Slip and fall accidents are a large part of personal injury cases because serious and even permanent injuries can occur from fall-related accidents. Having to deal with those financial and emotional burdens can be stressful and upsetting — and even more so when you don’t feel you were at fault for the injury. 


If someone else’s negligence caused your injury, it’s important to know your rights. You can sometimes hold an individual or an entity liable for a slip-and-fall accident, but that relies on several factors about your specific situation. By understanding how slip-and-fall accidents happen and how Georgia law treats personal injury claims related to these accidents, you can better understand if you have a claim.

Statute of Limitations for Slip-and-Fall Accidents in Georgia

As with most personal injury cases, there is a time limit in which you must bring a slip-and-fall claim to the court’s attention. It must be less than two years since the accident and injury occurred. If it’s longer than that, your case is likely to be dismissed, and you will not receive compensation. This means if you are trying to work out a settlement first, you want to give yourself plenty of time before the statute of limitations in case the settlement doesn’t work out and you need to file a lawsuit.

Premises Liability for Fall Injuries

A slip-and-fall accident rests under premises liability law in Georgia, and you must prove negligence on the part of the premises owner. There are four distinct sections of negligence that must be proven for your case to be successful:


  1. Duty of care. A business or company whose grounds are open to the public, or an individual whose home or place of work had invited guests, has a duty of care to those people. Duty of care can be disproven in cases of trespassing, as there was no duty to care for a person who was illegally on someone’s property.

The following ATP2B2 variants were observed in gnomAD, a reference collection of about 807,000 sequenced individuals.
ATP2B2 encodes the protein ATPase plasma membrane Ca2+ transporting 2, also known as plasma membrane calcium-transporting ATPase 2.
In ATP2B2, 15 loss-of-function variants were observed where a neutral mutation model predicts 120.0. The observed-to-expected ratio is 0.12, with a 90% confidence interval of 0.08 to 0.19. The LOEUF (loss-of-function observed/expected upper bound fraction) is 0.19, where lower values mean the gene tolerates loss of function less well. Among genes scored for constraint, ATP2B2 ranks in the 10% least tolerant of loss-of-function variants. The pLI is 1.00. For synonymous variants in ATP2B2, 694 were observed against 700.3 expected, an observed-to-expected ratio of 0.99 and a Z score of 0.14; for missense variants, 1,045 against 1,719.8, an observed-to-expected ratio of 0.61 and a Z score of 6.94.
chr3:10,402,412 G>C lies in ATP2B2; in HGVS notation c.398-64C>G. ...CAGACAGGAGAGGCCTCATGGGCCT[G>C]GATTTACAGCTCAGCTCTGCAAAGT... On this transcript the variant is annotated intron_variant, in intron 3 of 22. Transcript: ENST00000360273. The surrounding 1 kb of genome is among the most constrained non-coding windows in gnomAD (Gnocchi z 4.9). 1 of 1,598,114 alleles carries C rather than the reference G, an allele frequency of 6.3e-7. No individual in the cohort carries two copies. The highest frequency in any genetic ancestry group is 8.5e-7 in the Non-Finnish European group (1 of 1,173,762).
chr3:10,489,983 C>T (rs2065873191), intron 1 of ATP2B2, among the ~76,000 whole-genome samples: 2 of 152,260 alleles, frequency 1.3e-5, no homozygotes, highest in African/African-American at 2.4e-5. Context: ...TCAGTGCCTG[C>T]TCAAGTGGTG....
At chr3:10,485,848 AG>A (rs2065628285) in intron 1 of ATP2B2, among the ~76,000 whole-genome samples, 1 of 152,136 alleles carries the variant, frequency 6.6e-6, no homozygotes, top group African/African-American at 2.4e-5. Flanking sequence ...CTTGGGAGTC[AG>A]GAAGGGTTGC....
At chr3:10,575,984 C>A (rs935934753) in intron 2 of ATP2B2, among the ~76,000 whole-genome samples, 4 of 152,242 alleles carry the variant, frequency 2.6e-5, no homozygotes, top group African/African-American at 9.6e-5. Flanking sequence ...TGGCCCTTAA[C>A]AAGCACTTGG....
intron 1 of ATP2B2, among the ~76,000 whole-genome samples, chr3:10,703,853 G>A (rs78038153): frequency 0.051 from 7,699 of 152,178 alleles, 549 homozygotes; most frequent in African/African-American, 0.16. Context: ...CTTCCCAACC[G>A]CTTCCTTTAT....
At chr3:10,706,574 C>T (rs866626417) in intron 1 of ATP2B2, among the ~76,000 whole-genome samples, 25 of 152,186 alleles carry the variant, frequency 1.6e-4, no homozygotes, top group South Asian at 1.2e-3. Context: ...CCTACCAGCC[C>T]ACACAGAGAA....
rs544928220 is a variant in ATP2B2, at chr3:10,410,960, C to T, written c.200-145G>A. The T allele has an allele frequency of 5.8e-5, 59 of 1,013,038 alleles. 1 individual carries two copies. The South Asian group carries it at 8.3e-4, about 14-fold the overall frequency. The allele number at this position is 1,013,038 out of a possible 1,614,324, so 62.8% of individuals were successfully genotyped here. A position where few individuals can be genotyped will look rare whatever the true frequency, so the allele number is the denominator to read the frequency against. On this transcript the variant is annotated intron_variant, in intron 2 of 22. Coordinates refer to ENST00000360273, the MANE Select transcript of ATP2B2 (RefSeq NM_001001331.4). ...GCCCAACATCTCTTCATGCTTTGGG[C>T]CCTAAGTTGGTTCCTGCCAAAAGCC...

1. Breach of duty of care. Once the duty of care is proven, it must then be proven that this duty was breached or failed in some way. A business owner or homeowner must ensure the premises are safe or that adequate warnings are provided. In cases where the premises liability was not foreseeable or criminal actions were involved in your injury, the premises owner will likely not be held liable. Ensuring you have evidence of a breach of care will be much easier with the legal representation of a qualified personal injury attorney.


  1. Causation. This is the most difficult part of negligence to prove in a case, and it is another reason why an attorney representing your best interests can make all the difference in your litigation. Causation in negligence must prove that your injury was caused by something hazardous on the property. It requires clear evidence and documentation. 


  1. Injury. Finally, you must prove that this causation gave you an injury. As this is the basis for a personal injury claim, a false claim is unlikely, and it’s easy to prove assuming you received medical treatment for the injury.

Comparative Negligence in Georgia Law

Georgia’s personal injury law is a modified comparative negligence state. This means if you are found to carry some legal blame for the accident, you would have your compensation reduced. Whatever the amount of damages you would have received is reduced by the percentage of blame you share for the accident. If your responsibility in the accident is greater than 50% blame, you won’t receive compensation. 


Contacting a personal injury attorney can help you better understand if you have a case. When you are ready to take your case to the next level, contact the experienced team at Lamar Law Office, LLC.